On 9 January, I participated in a conference call with General Myrick and other members of the CSAG to plan the Command Council meeting in Washington DC in March. We collected feedback from the leaders who attended Wing Commander’s College as well as others and our task was to mold it into a cohesive agenda. I always enjoy working with the other members of the CSAG. On this occasion, I worked with Col John Knowles, Mr. Paul Gloyd, and others. In the end, we came up with a list of sessions that we hope will engage all those in attendance. I, for one, am excited about having time to meet in person with the North Central Region Wing Commanders. It is rare for our group to have time to meet in person. We normally conduct our business by conference call. For the meeting in DC, we will tackle the important topics of recruiting and retention. Each wing commander in NCR is going to read a chapter in a book and teach the other leaders in the region how to apply the book to what we do as volunteer leaders. I am very excited at this opportunity and I know I will learn a lot from my colleagues. The impact should help our region grow and have more satisfied members. Our goal is to grow the region by 1% overall by December 2017.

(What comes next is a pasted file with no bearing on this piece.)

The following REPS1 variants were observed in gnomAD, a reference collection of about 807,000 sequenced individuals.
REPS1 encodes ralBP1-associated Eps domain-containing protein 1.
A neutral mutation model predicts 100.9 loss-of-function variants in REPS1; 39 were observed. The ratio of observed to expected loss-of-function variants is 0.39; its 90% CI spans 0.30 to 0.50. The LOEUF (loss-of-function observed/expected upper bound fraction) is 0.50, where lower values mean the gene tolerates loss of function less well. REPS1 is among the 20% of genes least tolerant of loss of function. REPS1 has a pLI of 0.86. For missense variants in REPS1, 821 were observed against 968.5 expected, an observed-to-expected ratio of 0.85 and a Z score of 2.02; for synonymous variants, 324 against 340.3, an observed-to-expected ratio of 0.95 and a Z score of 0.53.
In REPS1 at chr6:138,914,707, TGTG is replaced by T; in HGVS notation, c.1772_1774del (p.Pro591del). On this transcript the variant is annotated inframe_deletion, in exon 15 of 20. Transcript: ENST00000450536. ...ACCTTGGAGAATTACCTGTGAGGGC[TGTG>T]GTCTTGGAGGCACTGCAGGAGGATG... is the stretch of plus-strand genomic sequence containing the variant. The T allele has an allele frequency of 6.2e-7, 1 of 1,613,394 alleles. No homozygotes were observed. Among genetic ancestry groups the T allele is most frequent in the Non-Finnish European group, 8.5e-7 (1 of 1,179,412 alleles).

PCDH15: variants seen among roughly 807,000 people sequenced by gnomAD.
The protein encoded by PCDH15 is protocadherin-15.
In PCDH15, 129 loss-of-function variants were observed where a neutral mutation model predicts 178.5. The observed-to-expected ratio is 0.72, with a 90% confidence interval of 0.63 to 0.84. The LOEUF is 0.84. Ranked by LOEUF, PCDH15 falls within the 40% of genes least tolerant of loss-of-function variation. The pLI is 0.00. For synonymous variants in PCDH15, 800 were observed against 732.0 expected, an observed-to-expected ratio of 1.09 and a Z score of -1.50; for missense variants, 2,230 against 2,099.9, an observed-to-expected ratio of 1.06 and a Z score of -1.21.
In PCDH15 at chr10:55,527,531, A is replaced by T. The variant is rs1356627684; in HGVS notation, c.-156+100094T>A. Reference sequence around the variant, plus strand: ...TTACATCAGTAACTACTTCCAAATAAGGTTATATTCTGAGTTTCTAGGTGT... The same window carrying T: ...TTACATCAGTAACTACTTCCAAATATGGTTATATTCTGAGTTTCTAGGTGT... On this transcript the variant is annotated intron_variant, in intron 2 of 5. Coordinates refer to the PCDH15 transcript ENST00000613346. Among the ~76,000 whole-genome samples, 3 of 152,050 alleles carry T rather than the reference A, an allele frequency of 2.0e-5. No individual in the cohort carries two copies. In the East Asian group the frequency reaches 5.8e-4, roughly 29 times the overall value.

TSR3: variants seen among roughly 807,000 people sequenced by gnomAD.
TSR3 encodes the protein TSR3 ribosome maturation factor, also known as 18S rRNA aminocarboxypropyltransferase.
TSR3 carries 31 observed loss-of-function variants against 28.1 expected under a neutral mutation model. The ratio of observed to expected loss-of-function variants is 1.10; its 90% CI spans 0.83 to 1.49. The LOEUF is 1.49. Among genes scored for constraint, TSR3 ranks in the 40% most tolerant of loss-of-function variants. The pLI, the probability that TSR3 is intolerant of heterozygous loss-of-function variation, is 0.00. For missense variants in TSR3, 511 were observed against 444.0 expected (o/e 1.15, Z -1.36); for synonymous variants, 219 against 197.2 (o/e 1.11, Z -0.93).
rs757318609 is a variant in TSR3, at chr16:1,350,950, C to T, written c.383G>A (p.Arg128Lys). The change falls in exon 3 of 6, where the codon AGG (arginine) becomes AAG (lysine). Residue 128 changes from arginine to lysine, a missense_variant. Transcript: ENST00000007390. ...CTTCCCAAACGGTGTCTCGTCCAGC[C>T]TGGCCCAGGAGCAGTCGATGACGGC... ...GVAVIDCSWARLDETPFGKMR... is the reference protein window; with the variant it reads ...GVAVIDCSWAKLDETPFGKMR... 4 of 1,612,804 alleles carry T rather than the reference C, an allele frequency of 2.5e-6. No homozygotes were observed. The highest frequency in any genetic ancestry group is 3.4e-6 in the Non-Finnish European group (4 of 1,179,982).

On 14 January, we began the pilot of the online UCC. I am very excited to teach the pilot course. Online learning is what I do for my college. This was another way for me to share my day job skills with CAP. We have some highly motivated students and several future instructors in the course. As an academic dean, I don’t often get the opportunity to teach so I am thrilled to have this opportunity to help shape and equip other leaders for their duties.